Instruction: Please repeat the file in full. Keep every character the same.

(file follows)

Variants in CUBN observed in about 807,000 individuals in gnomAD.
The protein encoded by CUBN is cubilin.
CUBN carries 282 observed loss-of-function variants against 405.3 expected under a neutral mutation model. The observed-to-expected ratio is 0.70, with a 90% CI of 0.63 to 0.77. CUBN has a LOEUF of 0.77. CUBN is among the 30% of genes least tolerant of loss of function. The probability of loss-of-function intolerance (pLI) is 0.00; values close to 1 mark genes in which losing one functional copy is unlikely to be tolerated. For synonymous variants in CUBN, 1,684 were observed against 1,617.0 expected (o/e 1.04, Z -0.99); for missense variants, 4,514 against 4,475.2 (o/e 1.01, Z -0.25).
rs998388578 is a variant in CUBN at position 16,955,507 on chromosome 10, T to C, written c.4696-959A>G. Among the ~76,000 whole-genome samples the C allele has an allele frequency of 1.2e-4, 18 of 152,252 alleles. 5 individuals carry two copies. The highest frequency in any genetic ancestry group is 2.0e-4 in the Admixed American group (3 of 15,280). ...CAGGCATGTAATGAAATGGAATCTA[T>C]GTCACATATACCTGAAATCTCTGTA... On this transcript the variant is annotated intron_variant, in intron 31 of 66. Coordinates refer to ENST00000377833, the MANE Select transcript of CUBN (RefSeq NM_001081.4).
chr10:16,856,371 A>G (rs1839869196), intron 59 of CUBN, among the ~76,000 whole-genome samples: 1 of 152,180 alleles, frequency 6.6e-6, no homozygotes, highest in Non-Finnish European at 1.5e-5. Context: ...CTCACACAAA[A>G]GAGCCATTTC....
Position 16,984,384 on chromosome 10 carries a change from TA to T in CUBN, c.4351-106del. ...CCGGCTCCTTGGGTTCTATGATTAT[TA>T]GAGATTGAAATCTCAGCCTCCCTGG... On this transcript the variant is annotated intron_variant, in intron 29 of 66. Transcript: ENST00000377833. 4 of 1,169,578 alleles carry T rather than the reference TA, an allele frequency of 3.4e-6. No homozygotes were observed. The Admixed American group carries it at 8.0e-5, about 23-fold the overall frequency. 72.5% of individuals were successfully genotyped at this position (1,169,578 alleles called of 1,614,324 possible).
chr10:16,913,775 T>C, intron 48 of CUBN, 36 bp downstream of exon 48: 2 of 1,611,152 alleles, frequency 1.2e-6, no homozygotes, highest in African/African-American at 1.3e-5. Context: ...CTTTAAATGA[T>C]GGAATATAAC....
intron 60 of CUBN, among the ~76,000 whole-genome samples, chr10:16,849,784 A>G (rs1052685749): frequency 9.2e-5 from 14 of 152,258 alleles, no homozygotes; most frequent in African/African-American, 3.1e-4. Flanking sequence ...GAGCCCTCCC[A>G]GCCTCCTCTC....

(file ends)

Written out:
Variants in CUBN observed in about 807,000 individuals in gnomAD.
The protein encoded by CUBN is cubilin.
CUBN carries 282 observed loss-of-function variants against 405.3 expected under a neutral mutation model. The observed-to-expected ratio is 0.70, with a 90% CI of 0.63 to 0.77. CUBN has a LOEUF of 0.77. CUBN is among the 30% of genes least tolerant of loss of function. The probability of loss-of-function intolerance (pLI) is 0.00; values close to 1 mark genes in which losing one functional copy is unlikely to be tolerated. For synonymous variants in CUBN, 1,684 were observed against 1,617.0 expected (o/e 1.04, Z -0.99); for missense variants, 4,514 against 4,475.2 (o/e 1.01, Z -0.25).
rs998388578 is a variant in CUBN at position 16,955,507 on chromosome 10, T to C, written c.4696-959A>G. Among the ~76,000 whole-genome samples the C allele has an allele frequency of 1.2e-4, 18 of 152,252 alleles. 5 individuals carry two copies. The highest frequency in any genetic ancestry group is 2.0e-4 in the Admixed American group (3 of 15,280). ...CAGGCATGTAATGAAATGGAATCTA[T>C]GTCACATATACCTGAAATCTCTGTA... On this transcript the variant is annotated intron_variant, in intron 31 of 66. Coordinates refer to ENST00000377833, the MANE Select transcript of CUBN (RefSeq NM_001081.4).
chr10:16,856,371 A>G (rs1839869196), intron 59 of CUBN, among the ~76,000 whole-genome samples: 1 of 152,180 alleles, frequency 6.6e-6, no homozygotes, highest in Non-Finnish European at 1.5e-5. Context: ...CTCACACAAA[A>G]GAGCCATTTC....
Position 16,984,384 on chromosome 10 carries a change from TA to T in CUBN, c.4351-106del. ...CCGGCTCCTTGGGTTCTATGATTAT[TA>T]GAGATTGAAATCTCAGCCTCCCTGG... On this transcript the variant is annotated intron_variant, in intron 29 of 66. Transcript: ENST00000377833. 4 of 1,169,578 alleles carry T rather than the reference TA, an allele frequency of 3.4e-6. No homozygotes were observed. The Admixed American group carries it at 8.0e-5, about 23-fold the overall frequency. 72.5% of individuals were successfully genotyped at this position (1,169,578 alleles called of 1,614,324 possible).
chr10:16,913,775 T>C, intron 48 of CUBN, 36 bp downstream of exon 48: 2 of 1,611,152 alleles, frequency 1.2e-6, no homozygotes, highest in African/African-American at 1.3e-5. Context: ...CTTTAAATGA[T>C]GGAATATAAC....
intron 60 of CUBN, among the ~76,000 whole-genome samples, chr10:16,849,784 A>G (rs1052685749): frequency 9.2e-5 from 14 of 152,258 alleles, no homozygotes; most frequent in African/African-American, 3.1e-4. Flanking sequence ...GAGCCCTCCC[A>G]GCCTCCTCTC....